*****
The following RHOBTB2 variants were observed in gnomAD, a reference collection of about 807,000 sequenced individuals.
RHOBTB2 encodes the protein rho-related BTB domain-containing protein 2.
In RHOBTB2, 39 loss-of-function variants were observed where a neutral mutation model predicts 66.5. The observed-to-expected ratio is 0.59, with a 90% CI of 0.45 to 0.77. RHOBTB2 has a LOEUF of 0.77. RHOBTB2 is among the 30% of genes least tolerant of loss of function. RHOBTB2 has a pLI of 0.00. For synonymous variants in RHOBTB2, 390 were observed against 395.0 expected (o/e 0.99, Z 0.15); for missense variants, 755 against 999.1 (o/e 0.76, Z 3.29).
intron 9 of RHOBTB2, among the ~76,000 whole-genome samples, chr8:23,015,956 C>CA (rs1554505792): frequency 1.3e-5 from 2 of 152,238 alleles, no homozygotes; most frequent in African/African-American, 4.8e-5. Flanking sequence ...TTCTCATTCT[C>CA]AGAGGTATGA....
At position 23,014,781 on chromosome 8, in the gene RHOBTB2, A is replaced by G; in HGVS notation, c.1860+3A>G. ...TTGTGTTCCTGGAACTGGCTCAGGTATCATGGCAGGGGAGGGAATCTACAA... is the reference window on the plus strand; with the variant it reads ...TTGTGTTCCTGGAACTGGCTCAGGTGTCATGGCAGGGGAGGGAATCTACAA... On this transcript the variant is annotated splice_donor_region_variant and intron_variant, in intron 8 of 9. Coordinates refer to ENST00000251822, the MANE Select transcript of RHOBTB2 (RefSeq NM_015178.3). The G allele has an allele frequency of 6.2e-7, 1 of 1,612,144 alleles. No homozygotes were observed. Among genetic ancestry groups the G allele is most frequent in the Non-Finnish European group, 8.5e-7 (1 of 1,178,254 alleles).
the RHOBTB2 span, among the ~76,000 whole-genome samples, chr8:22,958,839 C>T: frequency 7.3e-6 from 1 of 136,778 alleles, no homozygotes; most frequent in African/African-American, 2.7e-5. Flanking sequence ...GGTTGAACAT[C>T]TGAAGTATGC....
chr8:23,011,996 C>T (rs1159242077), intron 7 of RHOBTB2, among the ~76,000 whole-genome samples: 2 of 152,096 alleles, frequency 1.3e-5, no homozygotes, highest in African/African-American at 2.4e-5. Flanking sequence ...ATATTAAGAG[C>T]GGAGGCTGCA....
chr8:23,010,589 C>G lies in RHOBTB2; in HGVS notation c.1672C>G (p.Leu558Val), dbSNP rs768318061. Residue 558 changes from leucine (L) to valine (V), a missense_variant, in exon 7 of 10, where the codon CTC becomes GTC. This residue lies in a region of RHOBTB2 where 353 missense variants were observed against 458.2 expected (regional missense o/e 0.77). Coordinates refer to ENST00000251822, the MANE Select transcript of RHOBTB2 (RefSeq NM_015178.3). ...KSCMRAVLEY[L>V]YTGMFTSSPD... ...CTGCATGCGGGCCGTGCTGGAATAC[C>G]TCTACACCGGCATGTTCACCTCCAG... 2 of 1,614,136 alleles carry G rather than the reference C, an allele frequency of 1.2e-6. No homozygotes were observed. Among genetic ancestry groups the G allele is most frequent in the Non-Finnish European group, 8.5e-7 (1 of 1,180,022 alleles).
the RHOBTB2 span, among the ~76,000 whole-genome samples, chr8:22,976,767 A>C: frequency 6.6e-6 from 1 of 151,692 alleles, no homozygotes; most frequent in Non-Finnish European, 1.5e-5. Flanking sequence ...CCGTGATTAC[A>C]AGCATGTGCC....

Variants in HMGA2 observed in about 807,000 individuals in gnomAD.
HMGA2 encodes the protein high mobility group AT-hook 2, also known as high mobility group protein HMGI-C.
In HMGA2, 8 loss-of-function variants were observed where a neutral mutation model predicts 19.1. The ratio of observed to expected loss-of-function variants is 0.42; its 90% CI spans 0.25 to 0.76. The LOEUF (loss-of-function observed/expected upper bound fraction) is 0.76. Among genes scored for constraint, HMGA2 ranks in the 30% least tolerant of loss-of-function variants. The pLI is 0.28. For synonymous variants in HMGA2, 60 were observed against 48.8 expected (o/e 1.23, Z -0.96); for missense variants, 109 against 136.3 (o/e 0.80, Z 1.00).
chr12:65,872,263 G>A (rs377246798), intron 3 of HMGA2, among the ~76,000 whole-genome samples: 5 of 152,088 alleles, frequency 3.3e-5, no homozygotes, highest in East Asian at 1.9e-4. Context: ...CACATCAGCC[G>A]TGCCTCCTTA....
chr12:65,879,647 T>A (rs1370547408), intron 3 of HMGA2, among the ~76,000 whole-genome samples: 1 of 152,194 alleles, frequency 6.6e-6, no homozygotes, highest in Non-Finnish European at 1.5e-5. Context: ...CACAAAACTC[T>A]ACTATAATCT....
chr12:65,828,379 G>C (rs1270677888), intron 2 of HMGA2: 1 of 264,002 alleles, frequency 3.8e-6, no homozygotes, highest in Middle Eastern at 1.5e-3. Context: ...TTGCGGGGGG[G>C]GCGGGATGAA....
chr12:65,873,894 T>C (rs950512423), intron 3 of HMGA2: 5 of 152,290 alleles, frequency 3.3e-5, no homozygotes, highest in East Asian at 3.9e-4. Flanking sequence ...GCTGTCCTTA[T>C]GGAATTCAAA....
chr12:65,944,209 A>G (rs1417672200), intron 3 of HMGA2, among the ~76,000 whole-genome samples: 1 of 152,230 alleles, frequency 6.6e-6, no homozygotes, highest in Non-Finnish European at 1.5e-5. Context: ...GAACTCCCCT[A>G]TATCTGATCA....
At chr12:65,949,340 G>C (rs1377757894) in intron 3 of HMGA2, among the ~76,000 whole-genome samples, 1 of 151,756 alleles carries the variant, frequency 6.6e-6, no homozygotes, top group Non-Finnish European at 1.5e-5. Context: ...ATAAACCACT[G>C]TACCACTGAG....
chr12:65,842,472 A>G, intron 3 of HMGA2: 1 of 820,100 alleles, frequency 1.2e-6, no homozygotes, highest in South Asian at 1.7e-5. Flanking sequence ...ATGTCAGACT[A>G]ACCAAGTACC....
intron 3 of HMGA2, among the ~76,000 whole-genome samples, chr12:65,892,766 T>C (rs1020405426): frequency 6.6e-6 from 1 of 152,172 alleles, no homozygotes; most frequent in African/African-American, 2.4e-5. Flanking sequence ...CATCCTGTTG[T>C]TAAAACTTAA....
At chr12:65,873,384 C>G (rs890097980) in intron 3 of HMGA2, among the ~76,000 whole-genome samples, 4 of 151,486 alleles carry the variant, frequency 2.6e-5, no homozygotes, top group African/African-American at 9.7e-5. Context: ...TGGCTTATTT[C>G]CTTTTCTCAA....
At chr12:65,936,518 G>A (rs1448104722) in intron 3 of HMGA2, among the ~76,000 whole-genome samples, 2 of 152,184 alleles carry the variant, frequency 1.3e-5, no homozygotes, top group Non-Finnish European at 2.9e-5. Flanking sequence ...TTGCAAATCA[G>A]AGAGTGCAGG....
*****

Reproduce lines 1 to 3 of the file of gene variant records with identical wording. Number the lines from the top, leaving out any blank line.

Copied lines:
The following RHOBTB2 variants were observed in gnomAD, a reference collection of about 807,000 sequenced individuals.
RHOBTB2 encodes the protein rho-related BTB domain-containing protein 2.
In RHOBTB2, 39 loss-of-function variants were observed where a neutral mutation model predicts 66.5. The observed-to-expected ratio is 0.59, with a 90% CI of 0.45 to 0.77. RHOBTB2 has a LOEUF of 0.77. RHOBTB2 is among the 30% of genes least tolerant of loss of function. RHOBTB2 has a pLI of 0.00. For synonymous variants in RHOBTB2, 390 were observed against 395.0 expected (o/e 0.99, Z 0.15); for missense variants, 755 against 999.1 (o/e 0.76, Z 3.29).